About the frequent use of "I see", in general when speaking in Japanese, in general a lot more feedback is expected than in English. And since you also need to be careful about your level of politeness, it often can sound inappropriate or too casual to say "Right" or "Uh-huh" like one might in English. So it sounds fine in Japanese to say "I see" a lot but in English you often might just nod, or not say anything. Anyway hope that might give a little bit of insight.

  4. Unbelievable ! I can't believe I finally obtained an answer to the meaning of that sacrosanct sentence I have never been able to understand before... Even if my English level wasn't quite the same as today's, I could translate the other tricky stuff - not all, but still a good part - by looking here and there, on the dictionary, or on the Internet, etc. But that bizarre sentence pronounced by Minako-san, never ! So, a little more than 17 years afterwards, I now know. Thank you ! :)

    1. This line is surely one of Shenmue's (English version) greatest legacies, leaving in its wake a bunch of slightly-puzzled players. :) So glad to hear that we could help in resolving your 17-year confusion!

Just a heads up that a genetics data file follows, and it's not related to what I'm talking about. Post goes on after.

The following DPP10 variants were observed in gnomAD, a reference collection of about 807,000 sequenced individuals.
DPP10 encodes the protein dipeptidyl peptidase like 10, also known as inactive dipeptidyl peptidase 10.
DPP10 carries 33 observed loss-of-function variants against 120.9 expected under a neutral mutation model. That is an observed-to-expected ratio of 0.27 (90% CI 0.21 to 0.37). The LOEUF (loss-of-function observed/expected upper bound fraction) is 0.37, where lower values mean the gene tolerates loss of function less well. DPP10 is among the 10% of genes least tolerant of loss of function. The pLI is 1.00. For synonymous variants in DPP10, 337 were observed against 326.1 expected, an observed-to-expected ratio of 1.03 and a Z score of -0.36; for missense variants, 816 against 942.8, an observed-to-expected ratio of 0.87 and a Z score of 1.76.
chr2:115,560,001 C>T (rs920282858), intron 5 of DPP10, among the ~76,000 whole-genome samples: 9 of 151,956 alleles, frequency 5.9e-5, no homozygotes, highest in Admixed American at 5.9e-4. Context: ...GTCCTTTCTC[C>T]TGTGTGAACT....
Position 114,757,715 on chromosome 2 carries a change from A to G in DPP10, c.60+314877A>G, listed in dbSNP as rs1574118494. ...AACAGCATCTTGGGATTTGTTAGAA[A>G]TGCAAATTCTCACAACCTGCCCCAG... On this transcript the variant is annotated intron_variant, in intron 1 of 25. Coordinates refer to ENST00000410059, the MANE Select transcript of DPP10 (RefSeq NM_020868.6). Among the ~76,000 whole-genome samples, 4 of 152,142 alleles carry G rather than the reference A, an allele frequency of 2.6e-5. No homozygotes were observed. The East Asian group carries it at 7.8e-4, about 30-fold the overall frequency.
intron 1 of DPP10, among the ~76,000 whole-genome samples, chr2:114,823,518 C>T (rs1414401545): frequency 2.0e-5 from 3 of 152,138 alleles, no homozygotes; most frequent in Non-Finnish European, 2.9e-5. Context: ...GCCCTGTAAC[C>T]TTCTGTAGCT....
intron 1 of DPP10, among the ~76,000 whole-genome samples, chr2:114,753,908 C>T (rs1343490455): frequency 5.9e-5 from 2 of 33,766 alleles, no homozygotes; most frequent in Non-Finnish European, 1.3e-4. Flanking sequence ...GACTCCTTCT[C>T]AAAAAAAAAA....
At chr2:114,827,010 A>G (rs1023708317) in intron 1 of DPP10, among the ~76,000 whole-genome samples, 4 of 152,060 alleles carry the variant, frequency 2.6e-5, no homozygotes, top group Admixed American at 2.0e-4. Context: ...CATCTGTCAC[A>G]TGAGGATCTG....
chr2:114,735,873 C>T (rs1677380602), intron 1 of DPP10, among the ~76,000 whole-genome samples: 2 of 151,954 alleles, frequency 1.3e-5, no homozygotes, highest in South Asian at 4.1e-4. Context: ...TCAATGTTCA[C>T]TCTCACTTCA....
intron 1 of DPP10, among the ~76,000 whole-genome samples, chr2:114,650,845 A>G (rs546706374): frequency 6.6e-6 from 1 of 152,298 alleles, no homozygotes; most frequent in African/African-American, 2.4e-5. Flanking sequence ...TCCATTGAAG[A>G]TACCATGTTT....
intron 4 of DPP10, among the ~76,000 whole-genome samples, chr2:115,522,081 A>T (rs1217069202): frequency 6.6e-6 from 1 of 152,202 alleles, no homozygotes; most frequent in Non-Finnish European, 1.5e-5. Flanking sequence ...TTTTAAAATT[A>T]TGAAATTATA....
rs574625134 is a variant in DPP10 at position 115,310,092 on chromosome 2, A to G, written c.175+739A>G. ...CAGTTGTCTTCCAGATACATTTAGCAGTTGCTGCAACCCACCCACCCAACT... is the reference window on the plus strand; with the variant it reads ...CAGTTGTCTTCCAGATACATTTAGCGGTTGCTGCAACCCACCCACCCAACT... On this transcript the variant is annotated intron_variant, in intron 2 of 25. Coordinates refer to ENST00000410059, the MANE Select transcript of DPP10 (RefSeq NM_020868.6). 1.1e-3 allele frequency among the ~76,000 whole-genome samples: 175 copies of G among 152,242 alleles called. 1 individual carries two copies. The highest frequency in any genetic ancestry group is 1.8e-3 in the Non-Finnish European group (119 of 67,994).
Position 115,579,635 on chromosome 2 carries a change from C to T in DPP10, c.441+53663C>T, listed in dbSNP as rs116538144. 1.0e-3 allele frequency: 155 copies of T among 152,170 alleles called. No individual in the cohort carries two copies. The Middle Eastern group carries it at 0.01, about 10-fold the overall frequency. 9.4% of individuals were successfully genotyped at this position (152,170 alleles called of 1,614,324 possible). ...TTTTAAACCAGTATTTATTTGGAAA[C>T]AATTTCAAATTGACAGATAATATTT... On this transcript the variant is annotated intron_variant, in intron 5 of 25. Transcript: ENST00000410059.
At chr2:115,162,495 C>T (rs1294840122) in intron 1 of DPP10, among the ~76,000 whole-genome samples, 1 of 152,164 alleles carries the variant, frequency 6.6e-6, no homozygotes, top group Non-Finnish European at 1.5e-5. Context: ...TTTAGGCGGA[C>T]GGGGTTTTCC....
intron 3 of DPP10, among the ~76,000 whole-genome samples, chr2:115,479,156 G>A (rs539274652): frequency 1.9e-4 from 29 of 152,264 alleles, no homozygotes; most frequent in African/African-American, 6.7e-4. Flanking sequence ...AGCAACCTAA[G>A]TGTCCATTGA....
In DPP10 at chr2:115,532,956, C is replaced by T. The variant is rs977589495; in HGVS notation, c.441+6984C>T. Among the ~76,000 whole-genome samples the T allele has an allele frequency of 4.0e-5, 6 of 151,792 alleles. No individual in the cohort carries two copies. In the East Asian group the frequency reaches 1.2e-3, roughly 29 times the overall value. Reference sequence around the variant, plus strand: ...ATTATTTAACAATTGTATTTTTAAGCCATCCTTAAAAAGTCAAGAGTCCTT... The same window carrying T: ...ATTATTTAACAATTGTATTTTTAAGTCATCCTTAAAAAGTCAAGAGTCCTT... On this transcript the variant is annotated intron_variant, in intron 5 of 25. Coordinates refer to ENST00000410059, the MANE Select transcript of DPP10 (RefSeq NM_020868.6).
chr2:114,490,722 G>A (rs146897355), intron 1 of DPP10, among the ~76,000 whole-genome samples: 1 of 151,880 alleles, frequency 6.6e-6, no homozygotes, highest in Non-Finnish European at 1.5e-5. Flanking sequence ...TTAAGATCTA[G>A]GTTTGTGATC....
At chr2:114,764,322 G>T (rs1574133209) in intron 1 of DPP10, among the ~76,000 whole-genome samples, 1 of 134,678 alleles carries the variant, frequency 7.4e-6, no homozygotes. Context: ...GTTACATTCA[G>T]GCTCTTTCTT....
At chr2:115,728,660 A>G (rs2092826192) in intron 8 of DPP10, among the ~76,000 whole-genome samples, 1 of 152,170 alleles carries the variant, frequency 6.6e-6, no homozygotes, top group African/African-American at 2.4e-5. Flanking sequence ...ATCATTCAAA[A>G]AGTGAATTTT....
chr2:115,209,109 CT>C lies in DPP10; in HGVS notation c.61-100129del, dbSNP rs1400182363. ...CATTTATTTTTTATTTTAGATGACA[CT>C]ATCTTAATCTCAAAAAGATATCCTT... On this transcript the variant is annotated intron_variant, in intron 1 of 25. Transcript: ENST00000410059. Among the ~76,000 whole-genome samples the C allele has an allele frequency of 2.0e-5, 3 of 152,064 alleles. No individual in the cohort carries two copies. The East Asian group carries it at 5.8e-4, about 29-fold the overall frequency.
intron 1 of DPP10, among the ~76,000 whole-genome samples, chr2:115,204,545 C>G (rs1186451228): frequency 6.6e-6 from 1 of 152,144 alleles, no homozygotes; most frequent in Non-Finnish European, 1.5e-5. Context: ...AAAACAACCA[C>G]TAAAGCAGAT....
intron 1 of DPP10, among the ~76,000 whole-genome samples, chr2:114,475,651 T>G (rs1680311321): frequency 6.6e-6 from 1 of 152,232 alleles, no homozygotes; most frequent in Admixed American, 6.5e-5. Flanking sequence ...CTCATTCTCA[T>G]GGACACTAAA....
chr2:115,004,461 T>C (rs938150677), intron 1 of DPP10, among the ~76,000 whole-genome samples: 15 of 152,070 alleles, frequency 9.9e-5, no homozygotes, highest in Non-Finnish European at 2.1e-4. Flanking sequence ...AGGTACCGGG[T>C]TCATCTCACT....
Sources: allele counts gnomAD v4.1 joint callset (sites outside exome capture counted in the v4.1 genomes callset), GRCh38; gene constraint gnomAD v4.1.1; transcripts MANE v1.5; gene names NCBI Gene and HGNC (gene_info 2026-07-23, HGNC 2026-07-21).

5. There's nothing wrong with the English translation in the game. 折角 used as an adverb means "especially". I don't know anybody who didn't understand the English translation in the game, even back when we used to play Shenmue as a bunch of schoolkids.

    1. Thanks for your comment! I think the reason this line causes confusion for some players may be not so much because it's an incorrect translation but rather due to the expression not sounding very natural.

    2. I totally agree. The major fact is, the American-English dubbing is really poor and doesn't reflect the original native one.